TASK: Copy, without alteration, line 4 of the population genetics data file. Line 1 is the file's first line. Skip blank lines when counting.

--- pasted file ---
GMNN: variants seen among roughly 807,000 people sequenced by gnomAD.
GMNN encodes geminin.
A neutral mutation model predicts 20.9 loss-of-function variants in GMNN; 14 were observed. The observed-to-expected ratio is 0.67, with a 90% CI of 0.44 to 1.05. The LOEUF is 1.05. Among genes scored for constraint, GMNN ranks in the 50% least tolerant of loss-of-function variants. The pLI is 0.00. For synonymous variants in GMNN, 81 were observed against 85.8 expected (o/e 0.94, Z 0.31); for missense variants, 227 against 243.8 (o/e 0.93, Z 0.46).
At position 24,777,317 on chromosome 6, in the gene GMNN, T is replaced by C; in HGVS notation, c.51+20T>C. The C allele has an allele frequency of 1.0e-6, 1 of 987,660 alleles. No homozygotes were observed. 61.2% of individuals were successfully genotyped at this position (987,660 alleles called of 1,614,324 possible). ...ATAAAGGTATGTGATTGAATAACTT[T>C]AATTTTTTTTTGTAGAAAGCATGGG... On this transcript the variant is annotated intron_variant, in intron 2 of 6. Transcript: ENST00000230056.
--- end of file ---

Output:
At position 24,777,317 on chromosome 6, in the gene GMNN, T is replaced by C; in HGVS notation, c.51+20T>C. The C allele has an allele frequency of 1.0e-6, 1 of 987,660 alleles. No homozygotes were observed. 61.2% of individuals were successfully genotyped at this position (987,660 alleles called of 1,614,324 possible). ...ATAAAGGTATGTGATTGAATAACTT[T>C]AATTTTTTTTTGTAGAAAGCATGGG... On this transcript the variant is annotated intron_variant, in intron 2 of 6. Transcript: ENST00000230056.